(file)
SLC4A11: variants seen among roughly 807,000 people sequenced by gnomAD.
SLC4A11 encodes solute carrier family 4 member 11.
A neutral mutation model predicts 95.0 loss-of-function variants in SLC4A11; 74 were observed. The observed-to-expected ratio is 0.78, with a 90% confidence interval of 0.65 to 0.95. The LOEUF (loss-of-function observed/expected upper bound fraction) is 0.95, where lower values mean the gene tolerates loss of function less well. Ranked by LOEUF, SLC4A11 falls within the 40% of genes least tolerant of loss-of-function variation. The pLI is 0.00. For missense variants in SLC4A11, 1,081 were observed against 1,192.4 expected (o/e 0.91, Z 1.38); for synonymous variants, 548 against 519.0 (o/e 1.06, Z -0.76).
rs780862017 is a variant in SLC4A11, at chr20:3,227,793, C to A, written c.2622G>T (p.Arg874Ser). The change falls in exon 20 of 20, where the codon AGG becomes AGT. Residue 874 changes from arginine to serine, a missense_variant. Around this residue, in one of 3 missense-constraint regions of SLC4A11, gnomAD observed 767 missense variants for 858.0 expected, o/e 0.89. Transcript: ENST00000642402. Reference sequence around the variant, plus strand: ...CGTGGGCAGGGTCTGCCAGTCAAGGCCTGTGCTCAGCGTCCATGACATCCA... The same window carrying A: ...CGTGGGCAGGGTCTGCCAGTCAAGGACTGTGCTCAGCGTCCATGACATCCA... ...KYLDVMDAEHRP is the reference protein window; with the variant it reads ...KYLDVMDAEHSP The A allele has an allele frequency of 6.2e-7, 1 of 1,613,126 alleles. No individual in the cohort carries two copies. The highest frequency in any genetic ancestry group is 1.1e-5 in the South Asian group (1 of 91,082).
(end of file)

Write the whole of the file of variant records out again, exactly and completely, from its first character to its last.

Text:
SLC4A11: variants seen among roughly 807,000 people sequenced by gnomAD.
SLC4A11 encodes solute carrier family 4 member 11.
A neutral mutation model predicts 95.0 loss-of-function variants in SLC4A11; 74 were observed. The observed-to-expected ratio is 0.78, with a 90% confidence interval of 0.65 to 0.95. The LOEUF (loss-of-function observed/expected upper bound fraction) is 0.95, where lower values mean the gene tolerates loss of function less well. Ranked by LOEUF, SLC4A11 falls within the 40% of genes least tolerant of loss-of-function variation. The pLI is 0.00. For missense variants in SLC4A11, 1,081 were observed against 1,192.4 expected (o/e 0.91, Z 1.38); for synonymous variants, 548 against 519.0 (o/e 1.06, Z -0.76).
rs780862017 is a variant in SLC4A11, at chr20:3,227,793, C to A, written c.2622G>T (p.Arg874Ser). The change falls in exon 20 of 20, where the codon AGG becomes AGT. Residue 874 changes from arginine to serine, a missense_variant. Around this residue, in one of 3 missense-constraint regions of SLC4A11, gnomAD observed 767 missense variants for 858.0 expected, o/e 0.89. Transcript: ENST00000642402. Reference sequence around the variant, plus strand: ...CGTGGGCAGGGTCTGCCAGTCAAGGCCTGTGCTCAGCGTCCATGACATCCA... The same window carrying A: ...CGTGGGCAGGGTCTGCCAGTCAAGGACTGTGCTCAGCGTCCATGACATCCA... ...KYLDVMDAEHRP is the reference protein window; with the variant it reads ...KYLDVMDAEHSP The A allele has an allele frequency of 6.2e-7, 1 of 1,613,126 alleles. No individual in the cohort carries two copies. The highest frequency in any genetic ancestry group is 1.1e-5 in the South Asian group (1 of 91,082).